Such a perspective derives from the perception that Christianity has long enjoyed its position of privilege at the expense of other religious and spiritual voices. From the fifteenth to the twentieth centuries, Christianity was associated with empires, empires that marched on as colonial powers, carving up the world and claiming indigenous lands for their own. These hegemonic powers sought to replace older world systems with their own civilization and, hence, their own religion—Christianity.25 In the late twentieth century, there arose a desire among post-modern and post-colonial researchers to permit “the lesser voices of history to speak.”26 These “lesser voices” are the voices of indigenous populations, of subjugated peoples and, often, non-Christian religions. In India and Latin America, in Africa and Oceania, these “subaltern” voices27 are attempting to counter the hegemony of Western, Christian, imperial representations, research, and religions by re-telling, re-writing, and re-presenting their story to the world. With increasing globalization, syncretism, and plurality, hybridity or fusion becomes their point of resistance and their platform for recognition. And so, Christians who speak out against these voices with aggressive engagement, seeking to shut them down or drown them out, are quickly accused of neo-imperialism or worse.  Employing a posture of aggressive engagement with other religions and worldviews in this pluralistic world puts Christians in danger of being perceived as self-important presumptuous preachers who seek the reassertion of their privilege rather than peaceful prophets in an age of plurality.  This will not do for successful encounters with the world’s sundry spiritualities.

Regardless of the degree of the entanglement of Christianity with imperialism (the overriding perception of Christendom by popular culture) and Millennials’ suspicious perceptions of traditional Western institutions (especially the Church) preclude any attempt by Christians to re-establish privilege or engage in any form of aggressive engagement. The cry for the subaltern voice to be heard means that in order to gain a foothold for proclaiming the Gospel, the Christian may first have to be silent. Lesslie Newbigin suggests that “we must now learn to listen humbly to the voice of other cultures. In this climate all judgments about culture and about the relation of the gospel to culture are colored by this profound pessimism about our own.”28 Yes, in moving from privilege to plurality, Christians will have to adjust their posture from one of aggressive engagement to something else if they wish to gain a hearing in a hybrid context. It may seem paradoxical, but the importance of such a posture—this “sacred duty” or “friendly engagement”—will be elucidated more fully below.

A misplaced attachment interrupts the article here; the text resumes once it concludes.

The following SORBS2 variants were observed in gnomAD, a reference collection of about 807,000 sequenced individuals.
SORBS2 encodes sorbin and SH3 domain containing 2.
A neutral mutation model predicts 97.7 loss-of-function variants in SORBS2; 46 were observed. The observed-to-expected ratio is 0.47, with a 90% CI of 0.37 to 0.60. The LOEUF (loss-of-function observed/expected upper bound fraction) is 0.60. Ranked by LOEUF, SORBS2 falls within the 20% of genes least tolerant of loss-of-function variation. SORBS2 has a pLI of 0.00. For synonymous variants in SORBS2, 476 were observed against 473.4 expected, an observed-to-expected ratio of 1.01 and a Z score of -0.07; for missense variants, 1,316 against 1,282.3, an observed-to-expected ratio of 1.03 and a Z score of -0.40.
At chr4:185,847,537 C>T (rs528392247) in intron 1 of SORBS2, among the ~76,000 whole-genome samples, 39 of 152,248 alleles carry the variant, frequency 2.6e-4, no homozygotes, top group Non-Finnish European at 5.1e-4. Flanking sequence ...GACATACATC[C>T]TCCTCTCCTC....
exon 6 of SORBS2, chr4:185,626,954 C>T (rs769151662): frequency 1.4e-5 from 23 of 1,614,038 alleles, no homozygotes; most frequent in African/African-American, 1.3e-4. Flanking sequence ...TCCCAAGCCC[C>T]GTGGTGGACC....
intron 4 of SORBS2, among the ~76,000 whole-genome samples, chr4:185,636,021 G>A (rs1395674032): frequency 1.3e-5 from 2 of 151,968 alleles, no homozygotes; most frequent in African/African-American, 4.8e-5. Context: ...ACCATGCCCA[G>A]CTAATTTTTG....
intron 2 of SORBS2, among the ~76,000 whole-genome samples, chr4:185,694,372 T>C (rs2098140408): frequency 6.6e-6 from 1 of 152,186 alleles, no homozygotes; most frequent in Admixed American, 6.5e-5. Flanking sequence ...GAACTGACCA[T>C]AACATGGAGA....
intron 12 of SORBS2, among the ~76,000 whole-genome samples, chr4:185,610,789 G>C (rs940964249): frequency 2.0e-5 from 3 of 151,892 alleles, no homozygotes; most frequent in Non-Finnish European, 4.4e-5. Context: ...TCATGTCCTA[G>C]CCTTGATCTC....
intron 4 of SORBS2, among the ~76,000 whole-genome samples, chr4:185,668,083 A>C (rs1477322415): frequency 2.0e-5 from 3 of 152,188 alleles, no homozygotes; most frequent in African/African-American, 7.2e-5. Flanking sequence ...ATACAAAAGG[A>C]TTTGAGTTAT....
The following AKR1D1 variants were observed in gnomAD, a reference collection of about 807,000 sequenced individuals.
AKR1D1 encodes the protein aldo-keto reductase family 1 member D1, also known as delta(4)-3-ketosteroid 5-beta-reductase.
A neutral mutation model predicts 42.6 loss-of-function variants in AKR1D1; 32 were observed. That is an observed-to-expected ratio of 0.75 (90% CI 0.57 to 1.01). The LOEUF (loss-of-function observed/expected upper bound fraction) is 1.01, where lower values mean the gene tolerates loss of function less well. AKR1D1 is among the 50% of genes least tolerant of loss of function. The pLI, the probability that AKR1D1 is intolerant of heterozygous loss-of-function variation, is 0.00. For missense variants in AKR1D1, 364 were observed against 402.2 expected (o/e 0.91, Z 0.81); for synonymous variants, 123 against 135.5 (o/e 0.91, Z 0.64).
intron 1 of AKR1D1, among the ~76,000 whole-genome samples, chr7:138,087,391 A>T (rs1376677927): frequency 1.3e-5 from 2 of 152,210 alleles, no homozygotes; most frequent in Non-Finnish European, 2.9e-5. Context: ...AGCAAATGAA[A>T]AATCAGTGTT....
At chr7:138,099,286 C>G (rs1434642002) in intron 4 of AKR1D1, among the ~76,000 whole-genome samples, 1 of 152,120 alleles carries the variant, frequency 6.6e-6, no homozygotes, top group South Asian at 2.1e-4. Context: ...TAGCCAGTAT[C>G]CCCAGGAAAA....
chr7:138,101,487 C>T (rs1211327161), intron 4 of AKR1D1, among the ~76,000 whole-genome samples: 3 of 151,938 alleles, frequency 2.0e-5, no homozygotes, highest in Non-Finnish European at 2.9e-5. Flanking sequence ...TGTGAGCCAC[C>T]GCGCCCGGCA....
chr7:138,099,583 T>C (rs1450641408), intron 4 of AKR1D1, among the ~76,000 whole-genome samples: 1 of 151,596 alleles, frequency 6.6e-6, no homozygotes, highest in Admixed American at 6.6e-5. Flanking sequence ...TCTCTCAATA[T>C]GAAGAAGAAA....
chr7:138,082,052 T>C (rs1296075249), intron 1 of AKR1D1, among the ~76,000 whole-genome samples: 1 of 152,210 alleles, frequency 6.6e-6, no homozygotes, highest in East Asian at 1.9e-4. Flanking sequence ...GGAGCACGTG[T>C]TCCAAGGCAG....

The good news is that, in navigating such a seemingly perilous landscape, we are not left without guidance from Scripture. Christianity has always, in one way or another, existed in a pluralistic context. Whether it was the religious milieu of the ancient Near East, the imperial cultus of the Roman Empire, the mixture of Germanic fetishisms, Islam, Medieval spirituality, or the contemporary pluralism in the West, the Christian church has always had to construct its character in a context of multiplicity.


Foundations for Inter-Religious Relationships         

 In seeking to address religious pluralism without engaging in aggressive apologetics, we must first ground ourselves in our own Scriptures and search out how we can shift from a strong, aggressive Christianity to what Brian McLaren calls “a strong, benevolent” one.29 The space of this essay, and its chosen scope, does not warrant a full exposition of the passages that can be mined to help us re-construct our approach to other religions, but a few comments on three key passages will suffice.


Genesis 1—Shared Creation, Shared Fall

One of the central moves I propose Christians make in order to engage other religions in a pluralistic world is to deconstruct the “us vs. them” mentality, resurrecting an “us for them” attitude.  This would mean turning “us apart from them” to “us with them”; “us above them” to “us alongside of them”; and transforms “us in spite of them” into “us respecting them.”30 To cultivate that type of attitude, friendly engagement, and love, we need to search our beginnings. As I said before, Christianity has always existed in a pluralistic context. Thus, as African post-colonial philosopher Mandivamba Rukuni advocated, “to know where we are going, we must know where we come from.”31 Therefore, the best place to start in our search for source material for the friendly engagement of other religions is in the narrative poetry of Genesis 1.